The first recorded mention of Westerham dates back to the 9th Century. However, the first settlement in the area is believed to have been around 200BC.
In the Anglo-Saxon period, the manor was run by Godwin, Earl of Wessex and then later his son, Harold Godwinson, who was the last Saxon King of England.
The first Norman lord of Westerham, after winning the Battle of Hastings, was Eustace II of Boulogne, with the town appearing in the Domesday Book as Oistreham. Later Queen Matilda inherited the estate and passed it onto Hugh Camville, who in turn sold off a sub manor to a group of merchants, including the famous Dick Whittington.
In 1227, King Henry III granted Westerham a market charter, allowing the town to hold a regular market. The market, which survived until 1961, helped transform Westerham from a village into a thriving town and a major player in the buying and selling of cattle in Kent.
In 1727, General James Wolfe, one of Britain’s highly celebrated military heroes from the 18th Century, was born in the town. Today many of the streets and buildings are named after him and there is a memorial window to him in the local St Mary’s church. The town also contains statues of both Wolfe and Churchill.
Westerham Railway station opened in July 1881, connecting the town to Dunton Green. The development of the railway initially resulted in an increase of trade and the population grew as more people sought to live in the newly accessible countryside. However, by the end of the 1950s the railway line was running at a loss and by the end of October 1961 the railway closed to passengers.
By 1979 the old railway track had become part of the M25 providing easy access to Westerham from other areas of the country.
Image source: Oast House Archive, CC BY-SA 2.0, https://commons.wikimedia.org/w/index.php?curid=8397223
Quebec House was originally built in the 16th Century and is located close to the centre of Westerham. The first building was an L-shaped timber framed house, but the house has since been extensively rebuilt in the 17th, 18th and 20th Centuries.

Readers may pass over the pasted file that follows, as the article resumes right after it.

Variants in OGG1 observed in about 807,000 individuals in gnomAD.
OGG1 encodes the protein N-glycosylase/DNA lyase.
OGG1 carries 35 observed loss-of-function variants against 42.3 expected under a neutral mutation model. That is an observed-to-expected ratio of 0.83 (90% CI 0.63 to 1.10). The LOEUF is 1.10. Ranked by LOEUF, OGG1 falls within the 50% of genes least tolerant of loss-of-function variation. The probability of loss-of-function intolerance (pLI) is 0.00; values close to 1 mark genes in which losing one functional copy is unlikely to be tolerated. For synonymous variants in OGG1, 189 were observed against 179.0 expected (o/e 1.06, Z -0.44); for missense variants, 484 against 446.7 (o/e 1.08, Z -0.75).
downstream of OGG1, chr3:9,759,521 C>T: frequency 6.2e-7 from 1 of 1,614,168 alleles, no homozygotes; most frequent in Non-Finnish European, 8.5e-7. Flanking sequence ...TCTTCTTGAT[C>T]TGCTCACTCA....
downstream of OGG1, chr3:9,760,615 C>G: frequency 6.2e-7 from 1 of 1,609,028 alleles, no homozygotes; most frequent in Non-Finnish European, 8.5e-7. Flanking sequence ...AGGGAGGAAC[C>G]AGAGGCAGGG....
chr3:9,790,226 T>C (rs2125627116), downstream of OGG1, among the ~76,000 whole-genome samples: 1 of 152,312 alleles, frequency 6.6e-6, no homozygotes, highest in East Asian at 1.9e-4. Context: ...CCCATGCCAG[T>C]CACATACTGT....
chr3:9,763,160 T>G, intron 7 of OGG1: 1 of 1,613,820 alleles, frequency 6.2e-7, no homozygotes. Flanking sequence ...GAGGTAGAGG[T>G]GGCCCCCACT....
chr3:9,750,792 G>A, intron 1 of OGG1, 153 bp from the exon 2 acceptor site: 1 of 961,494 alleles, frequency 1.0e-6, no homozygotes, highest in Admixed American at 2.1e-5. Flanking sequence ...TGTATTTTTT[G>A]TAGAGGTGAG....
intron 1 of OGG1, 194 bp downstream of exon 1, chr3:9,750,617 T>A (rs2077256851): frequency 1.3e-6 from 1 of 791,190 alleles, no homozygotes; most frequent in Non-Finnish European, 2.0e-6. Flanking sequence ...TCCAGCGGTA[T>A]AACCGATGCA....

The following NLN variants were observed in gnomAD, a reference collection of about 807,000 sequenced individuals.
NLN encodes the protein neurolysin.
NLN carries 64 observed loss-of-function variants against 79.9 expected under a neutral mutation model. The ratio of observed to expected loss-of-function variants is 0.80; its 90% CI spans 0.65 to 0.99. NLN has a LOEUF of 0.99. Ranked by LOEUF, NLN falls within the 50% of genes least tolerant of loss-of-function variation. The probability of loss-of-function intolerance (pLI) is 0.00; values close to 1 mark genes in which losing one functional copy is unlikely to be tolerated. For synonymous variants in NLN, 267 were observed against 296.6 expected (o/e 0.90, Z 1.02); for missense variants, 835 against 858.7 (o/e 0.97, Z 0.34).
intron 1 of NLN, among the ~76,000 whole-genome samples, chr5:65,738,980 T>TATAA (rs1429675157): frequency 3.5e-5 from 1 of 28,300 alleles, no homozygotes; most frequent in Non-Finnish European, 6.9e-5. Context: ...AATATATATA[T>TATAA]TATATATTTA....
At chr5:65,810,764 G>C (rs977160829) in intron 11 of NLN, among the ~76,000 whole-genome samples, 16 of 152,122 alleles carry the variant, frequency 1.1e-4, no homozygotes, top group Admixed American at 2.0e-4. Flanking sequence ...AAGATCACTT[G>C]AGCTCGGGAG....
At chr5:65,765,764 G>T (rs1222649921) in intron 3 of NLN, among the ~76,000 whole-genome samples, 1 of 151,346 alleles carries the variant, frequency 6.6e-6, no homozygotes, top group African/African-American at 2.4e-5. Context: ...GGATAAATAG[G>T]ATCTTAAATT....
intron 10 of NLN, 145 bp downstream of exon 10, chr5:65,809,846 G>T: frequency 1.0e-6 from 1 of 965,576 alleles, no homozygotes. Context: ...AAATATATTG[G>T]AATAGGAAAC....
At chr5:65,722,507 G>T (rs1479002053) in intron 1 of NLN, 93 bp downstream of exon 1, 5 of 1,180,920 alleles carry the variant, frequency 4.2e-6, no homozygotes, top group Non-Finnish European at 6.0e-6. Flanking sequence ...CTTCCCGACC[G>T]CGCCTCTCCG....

The house is Grade I listed and has several timber sash windows on the ground floor and first floor, with casement windows on the top floor.
The house was the birthplace of General James Wolfe, an 18th Century Major-General, who lived at the property between 1727 and 1738. The house was originally called Spiers but was renamed after Wolfe’s victory at the Battle of Quebec.
In the 1880s part of the house was used as a school. Today it is owned by the National Trust and there is a blue plaque along the outer brick wall.
Image source: Paul Gillett, CC BY-SA 2.0, https://commons.wikimedia.org/w/index.php?curid=34657586
Squerryes Court is a Grade I listed building in the early Georgian style, built by Sir Nicholas Crispe in the late 17th Century.
The building has been altered over the years, with two small wings being torn down after the Second World War, leaving only the main block.
The property has several 4 over 4 sash windows on the ground floor and first floor, and casement windows on the top floor.
The property has always been a family home, although it was open to the public for tours between 1952 and September 2012.
Today the estate has its own vineyard and is only available to visit by hiring for private events and weddings.
Image source: Gaius Cornelius, CC BY-SA 3.0, https://commons.wikimedia.org/w/index.php?curid=33792957
Chartwell Manor was originally built in the 14th Century, when it was known as Well-street, and Henry VIII is believed to have stayed at the original house during his courtship of Anne Boleyn. However, it was largely rebuilt and extended by the architect, Philip Tilden, between 1922 and 1924.
Chartwell Manor was the home of Winston Churchill for over forty years, from 1922 until 1965. However, in 1946 it was acquired by the National Trust with funds raised by a group of Churchill’s friends on the condition that the Churchills retained a life-tenancy.
After Churchill’s death, Lady Churchill surrendered her rights to the house and Chartwell Manor was opened to the public in 1966.
Since Churchill’s death, the house has been restored to how it would have looked in the 1920-30s.
Today the building, which has several casement windows, is Grade I listed and is one of the National Trust’s most popular properties.
Timber Windows in Westerham (TN16)
Westerham, which is today located in the Sevenoaks District of Kent, has retained its charm and character as the town has grown and developed. This is partly due to the town being home to a large conservation area and around 100 listed buildings.
The town has several 18th and 19th Century buildings, meaning timber sash windows can be found on multiple buildings across Westerham.
At The Sash Window Workshop we have over 25 years’ experience manufacturing and installing high quality, traditional timber windows and doors in period properties. We also have extensive experience in complying with conservation area and listed building regulations.
We pride ourselves in providing our customers with an outstanding product and customer service, reflected by our Which? Trusted Trader membership and our 5 star Trustpilot rating.